2001: A Space Odyssey

Now approaching the age of 50, the reputation of Stanley Kubrick’s voyage into the past, our solar system and the human psyche only continues to strengthen. Untarnished by countless imitators and parodies, 2001 continues to resonate thanks to vastly influential production design, our distrust of machine intelligence, and an impactful climax that maximises cinema’s ability to communicate non-verbally, even subconsciously.



Spielberg used primal fear and Hitchcockian suspense to turn a monster movie into the highest grossing film ever (at the time), create the blockbuster and change the way movies are made. Co-screenwriter Carl Gottlieb says, "That notion of selling a picture as an event, as a phenomenon, as a destination, was born with that release."

Watching it now, the fakeness of that big 'ol rubber shark is hard to ignore, but it's a testament to the quality of filmmaking that you it doesn't detract from your engagement, or the scares.



He’s never exactly beaten around the bush, but with Goodfellas, Martin Scorsese surpassed himself. Ultra-violent, profane, bleak, hilarious and seriously stylish, this is the gold standard of gangster cinema, and an utter vindication of Scorsese’s decision to marry directorial liberties and cinematic flourishes with the true story of a real-life wiseguy – using all manner of tricks to capture the essence of organised crime and delight in unsettling audiences.


Forrest Gump

Forrest Gump’s mum always said “Life was like a box of chocolates… You never know what you’re gonna get.” Unlike a list of favourite films - because you’re always guaranteed to see this history-hopping charmer pop up. In one of the few cases where the film was WAY better than the book, Gump oozes charm every minute, squeezed for everything it’s worth via Tom Hank’s perfect puppy dog performance.


The Lord of the Rings: The Fellowship of the Ring

Hype was huge around Peter Jackson’s ambitious adaptation of JRR Tolkien’s classic, harbouring a wealth of excited fans as well as a glut of pessimistic naysayers unconvinced that the novels could ever work on film. But with The Fellowship of the Ring, Jackson made believers of us all, delivering a rousing fantasy adventure that defined ‘epic’ (a word the internet would later dilute).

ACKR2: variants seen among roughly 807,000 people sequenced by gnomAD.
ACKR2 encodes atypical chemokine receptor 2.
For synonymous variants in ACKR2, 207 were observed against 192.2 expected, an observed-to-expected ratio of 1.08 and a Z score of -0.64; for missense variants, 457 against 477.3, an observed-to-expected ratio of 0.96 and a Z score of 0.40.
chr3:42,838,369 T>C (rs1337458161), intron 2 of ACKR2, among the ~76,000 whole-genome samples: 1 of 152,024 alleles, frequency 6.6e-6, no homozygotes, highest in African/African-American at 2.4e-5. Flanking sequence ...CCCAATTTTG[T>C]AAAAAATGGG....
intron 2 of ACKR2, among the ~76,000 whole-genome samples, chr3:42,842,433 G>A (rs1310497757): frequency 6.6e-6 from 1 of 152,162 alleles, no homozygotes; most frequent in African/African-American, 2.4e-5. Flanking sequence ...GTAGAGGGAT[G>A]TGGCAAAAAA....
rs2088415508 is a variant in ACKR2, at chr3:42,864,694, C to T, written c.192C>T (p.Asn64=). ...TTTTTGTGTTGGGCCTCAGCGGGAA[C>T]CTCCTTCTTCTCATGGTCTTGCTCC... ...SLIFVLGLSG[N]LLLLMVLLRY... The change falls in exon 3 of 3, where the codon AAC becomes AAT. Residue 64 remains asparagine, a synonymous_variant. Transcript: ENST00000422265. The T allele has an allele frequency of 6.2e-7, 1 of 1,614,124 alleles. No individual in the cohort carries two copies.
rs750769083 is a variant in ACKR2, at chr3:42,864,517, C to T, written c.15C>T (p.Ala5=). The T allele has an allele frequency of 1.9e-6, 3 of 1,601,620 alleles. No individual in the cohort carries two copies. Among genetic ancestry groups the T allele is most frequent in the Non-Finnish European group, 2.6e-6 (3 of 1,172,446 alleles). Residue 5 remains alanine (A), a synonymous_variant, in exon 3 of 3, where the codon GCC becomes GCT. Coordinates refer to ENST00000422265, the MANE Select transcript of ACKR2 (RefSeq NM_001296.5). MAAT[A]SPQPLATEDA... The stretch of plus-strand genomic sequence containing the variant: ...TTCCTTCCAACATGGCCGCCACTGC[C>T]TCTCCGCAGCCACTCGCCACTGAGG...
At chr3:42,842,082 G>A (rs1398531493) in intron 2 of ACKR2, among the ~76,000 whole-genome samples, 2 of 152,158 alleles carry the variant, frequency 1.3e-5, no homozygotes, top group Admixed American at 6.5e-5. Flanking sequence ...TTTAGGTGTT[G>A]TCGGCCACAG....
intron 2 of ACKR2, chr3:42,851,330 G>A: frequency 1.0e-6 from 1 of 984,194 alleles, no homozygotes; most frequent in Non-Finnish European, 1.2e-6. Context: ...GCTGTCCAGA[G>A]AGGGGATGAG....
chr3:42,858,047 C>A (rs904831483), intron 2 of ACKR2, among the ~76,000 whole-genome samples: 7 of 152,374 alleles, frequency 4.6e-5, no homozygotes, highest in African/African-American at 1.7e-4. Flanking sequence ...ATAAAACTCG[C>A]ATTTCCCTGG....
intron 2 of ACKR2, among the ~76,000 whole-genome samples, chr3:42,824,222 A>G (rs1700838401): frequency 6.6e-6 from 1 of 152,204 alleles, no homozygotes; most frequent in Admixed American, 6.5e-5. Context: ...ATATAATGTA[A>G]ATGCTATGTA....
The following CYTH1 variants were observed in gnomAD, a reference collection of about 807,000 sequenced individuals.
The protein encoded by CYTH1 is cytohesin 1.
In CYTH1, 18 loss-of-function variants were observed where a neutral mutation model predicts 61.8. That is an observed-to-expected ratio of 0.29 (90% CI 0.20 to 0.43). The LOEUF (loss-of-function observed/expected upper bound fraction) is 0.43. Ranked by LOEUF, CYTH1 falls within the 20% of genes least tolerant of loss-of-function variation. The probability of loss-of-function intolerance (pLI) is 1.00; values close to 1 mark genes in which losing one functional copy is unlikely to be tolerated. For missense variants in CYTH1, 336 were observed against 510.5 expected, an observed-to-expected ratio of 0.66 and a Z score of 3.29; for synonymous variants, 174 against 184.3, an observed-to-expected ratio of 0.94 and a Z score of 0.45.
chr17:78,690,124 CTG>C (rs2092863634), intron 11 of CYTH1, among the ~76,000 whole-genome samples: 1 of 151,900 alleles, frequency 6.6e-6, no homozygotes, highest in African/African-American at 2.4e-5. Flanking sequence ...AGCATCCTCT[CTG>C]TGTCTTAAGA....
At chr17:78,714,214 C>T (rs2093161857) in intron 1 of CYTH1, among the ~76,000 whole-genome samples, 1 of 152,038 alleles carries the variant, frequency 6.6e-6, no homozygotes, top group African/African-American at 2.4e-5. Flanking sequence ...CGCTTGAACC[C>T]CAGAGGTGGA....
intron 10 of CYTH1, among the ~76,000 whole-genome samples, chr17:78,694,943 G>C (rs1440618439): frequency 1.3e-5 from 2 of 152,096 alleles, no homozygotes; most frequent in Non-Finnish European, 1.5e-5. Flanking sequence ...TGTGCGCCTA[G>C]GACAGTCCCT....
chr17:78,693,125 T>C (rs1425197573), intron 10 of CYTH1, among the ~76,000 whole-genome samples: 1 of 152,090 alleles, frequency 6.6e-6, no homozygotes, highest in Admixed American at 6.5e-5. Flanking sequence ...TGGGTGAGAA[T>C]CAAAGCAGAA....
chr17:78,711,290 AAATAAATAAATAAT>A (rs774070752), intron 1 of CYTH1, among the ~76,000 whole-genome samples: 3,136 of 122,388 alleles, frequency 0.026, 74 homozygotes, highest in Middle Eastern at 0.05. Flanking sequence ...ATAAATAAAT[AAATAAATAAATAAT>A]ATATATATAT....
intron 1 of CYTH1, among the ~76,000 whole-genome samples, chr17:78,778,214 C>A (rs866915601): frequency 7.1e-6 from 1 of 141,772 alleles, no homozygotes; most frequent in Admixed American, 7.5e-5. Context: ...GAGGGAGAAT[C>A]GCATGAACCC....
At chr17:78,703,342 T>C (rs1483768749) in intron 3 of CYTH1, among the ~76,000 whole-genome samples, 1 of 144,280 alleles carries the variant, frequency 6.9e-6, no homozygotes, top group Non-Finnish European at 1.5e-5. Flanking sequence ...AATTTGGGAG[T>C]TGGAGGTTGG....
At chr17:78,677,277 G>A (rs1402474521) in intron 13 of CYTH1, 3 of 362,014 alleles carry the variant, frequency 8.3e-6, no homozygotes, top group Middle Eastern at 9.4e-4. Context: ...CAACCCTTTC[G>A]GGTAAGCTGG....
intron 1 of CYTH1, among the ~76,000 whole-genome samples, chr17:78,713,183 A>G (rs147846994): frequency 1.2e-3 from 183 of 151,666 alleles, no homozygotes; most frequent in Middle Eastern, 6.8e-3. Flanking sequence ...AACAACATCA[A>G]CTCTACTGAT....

The Dark Knight

“Why so serious?” asked Heath Ledger’s Joker, in what would become a tragically career-defining performance that brought even more real-world gravitas to the ambitious Gotham built by Christopher Nolan. With the strongest blend of superhero antics and grimy drama of Nolan’s trilogy, a bleak tale to tell, and rare praise from the Oscars, The Dark Knight succeeded in legitimising superhero movies as sophisticated drama, if inspiring much brooding in its wake – not to mention gruff-voiced Bat-imitators.


Pulp Fiction

Fewer films had people quoting the Bible like Quentin Tarantino’s chronologically-cluttered comedic crime masterpiece. Constructed, deconstructed and reconstructed in a way that demanded numerous re-watches, the film embedded itself into the psyche of instant fans who can recite the script on request. If your friend knows what a Quarter Pounder with Cheese is called in Paris, it’s not because of Wikipedia – it’s because of Pulp Fiction.


Star Wars: Episode V - The Empire Strikes Back

Star Wars blew moviegoers’ minds thanks to George Lucas’ cunning idea to set the adventure of a Saturday morning serial in a galaxy far, far away. If people weren’t expecting Star Wars, they certainly weren’t anticipating The Empire Strikes Back, with new locations and Empire armaments dropping jaws, a darker tone infusing proceedings, and the unexpected happening throughout – including the mother (father?) of all plot twists to leave everyone hanging.


The Godfather

Francis Ford Coppola created a gangster drama that all other gangster dramas referred to as Don. Oscillating between two messiahs of acting, Marlon Brando and Al Pacino, The Godfather crisscrosses two poignant character arcs – one that sees Don Vito Corleone exit the darkness while his son becomes accustomed to it. Even then, this is the cherry to a rich cake of cinema that invites anyone to chow down.


The Shawshank Redemption

Though it was nominated for seven Oscars, this movie adaptation of Stephen King’s short story claimed none. But what it did claim is a universality that places it as number one on both this list and IMDb’s Top 250. Through masterful use of all the elements that define cinema – acting, screenwriting, cinematography, editing, music, sound – The Shawshank Redemption is a pure storytelling force of nature that can sweep up anyone.